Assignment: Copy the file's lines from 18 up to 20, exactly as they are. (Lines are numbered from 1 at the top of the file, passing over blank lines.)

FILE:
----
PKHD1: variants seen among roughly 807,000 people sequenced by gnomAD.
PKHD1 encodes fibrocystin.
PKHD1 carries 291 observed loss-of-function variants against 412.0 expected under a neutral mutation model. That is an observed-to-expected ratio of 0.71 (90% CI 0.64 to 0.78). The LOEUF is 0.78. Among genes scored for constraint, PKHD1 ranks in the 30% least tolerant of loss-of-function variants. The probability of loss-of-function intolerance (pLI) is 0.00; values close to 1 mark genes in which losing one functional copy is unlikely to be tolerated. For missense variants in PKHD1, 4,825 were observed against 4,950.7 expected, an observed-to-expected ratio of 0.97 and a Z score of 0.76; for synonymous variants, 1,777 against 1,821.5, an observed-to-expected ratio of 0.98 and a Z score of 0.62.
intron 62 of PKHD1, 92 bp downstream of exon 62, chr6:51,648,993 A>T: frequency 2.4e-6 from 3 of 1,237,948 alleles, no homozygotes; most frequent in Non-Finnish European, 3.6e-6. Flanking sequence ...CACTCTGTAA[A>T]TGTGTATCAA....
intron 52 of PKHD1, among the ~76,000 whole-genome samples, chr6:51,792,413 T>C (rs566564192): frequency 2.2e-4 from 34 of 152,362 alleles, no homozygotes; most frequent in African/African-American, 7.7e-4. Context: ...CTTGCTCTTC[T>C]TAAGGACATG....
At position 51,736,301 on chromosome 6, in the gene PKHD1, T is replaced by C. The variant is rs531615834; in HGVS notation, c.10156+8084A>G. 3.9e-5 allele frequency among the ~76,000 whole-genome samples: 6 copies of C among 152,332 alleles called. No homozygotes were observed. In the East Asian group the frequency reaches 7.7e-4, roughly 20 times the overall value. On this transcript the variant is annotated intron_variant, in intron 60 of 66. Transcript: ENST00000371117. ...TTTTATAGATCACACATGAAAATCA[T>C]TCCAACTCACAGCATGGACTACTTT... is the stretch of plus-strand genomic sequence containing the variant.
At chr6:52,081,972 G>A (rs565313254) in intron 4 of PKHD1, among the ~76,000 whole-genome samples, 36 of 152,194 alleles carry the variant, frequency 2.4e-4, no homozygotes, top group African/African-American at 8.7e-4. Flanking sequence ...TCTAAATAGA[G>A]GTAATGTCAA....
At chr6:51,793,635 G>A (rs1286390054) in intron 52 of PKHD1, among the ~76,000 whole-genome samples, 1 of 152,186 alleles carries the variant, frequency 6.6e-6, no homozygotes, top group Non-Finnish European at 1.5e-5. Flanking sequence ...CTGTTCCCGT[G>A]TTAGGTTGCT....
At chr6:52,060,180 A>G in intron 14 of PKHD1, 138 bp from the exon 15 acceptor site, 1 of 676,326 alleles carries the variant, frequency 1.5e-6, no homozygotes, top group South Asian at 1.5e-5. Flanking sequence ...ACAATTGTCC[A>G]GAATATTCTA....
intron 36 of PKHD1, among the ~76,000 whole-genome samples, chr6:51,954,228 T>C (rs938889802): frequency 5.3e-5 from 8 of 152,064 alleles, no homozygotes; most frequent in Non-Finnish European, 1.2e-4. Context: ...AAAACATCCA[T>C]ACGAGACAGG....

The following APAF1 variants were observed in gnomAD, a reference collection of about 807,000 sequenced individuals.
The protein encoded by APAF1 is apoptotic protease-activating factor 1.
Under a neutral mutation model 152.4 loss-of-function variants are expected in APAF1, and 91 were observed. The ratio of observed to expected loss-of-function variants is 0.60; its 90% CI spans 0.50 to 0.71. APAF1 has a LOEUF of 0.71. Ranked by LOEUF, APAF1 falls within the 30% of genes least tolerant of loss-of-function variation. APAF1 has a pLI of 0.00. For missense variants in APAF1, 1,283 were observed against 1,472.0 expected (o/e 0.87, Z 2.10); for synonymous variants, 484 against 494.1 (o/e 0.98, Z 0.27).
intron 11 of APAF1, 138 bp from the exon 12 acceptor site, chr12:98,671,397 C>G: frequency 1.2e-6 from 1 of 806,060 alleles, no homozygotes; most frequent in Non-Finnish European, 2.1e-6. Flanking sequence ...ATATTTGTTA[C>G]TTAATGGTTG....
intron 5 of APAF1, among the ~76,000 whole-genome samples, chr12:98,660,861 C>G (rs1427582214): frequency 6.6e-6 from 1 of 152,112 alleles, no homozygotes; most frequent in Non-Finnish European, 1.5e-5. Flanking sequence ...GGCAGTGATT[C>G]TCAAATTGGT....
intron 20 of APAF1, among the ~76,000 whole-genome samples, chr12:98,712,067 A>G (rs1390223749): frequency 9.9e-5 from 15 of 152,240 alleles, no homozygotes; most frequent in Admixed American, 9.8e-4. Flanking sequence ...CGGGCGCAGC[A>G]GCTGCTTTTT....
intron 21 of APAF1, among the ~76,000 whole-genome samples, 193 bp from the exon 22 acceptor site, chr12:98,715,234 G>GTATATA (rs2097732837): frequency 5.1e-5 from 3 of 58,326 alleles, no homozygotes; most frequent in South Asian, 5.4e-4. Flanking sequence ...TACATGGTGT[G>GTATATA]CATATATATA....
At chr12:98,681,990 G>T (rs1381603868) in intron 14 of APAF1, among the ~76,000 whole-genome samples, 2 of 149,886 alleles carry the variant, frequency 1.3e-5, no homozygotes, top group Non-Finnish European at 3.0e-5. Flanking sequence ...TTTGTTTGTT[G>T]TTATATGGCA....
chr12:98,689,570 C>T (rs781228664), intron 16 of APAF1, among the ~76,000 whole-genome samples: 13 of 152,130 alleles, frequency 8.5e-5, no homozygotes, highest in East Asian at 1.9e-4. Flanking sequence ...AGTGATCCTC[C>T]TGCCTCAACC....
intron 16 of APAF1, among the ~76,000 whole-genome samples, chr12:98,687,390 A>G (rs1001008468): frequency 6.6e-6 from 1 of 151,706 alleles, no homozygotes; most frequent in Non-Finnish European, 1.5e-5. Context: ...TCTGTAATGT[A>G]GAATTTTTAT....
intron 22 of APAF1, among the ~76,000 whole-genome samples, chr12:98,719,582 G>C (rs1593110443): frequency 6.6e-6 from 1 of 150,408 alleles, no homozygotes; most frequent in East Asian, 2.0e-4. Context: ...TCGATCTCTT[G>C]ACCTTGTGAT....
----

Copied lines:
At chr12:98,681,990 G>T (rs1381603868) in intron 14 of APAF1, among the ~76,000 whole-genome samples, 2 of 149,886 alleles carry the variant, frequency 1.3e-5, no homozygotes, top group Non-Finnish European at 3.0e-5. Flanking sequence ...TTTGTTTGTT[G>T]TTATATGGCA....
chr12:98,689,570 C>T (rs781228664), intron 16 of APAF1, among the ~76,000 whole-genome samples: 13 of 152,130 alleles, frequency 8.5e-5, no homozygotes, highest in East Asian at 1.9e-4. Flanking sequence ...AGTGATCCTC[C>T]TGCCTCAACC....
intron 16 of APAF1, among the ~76,000 whole-genome samples, chr12:98,687,390 A>G (rs1001008468): frequency 6.6e-6 from 1 of 151,706 alleles, no homozygotes; most frequent in Non-Finnish European, 1.5e-5. Context: ...TCTGTAATGT[A>G]GAATTTTTAT....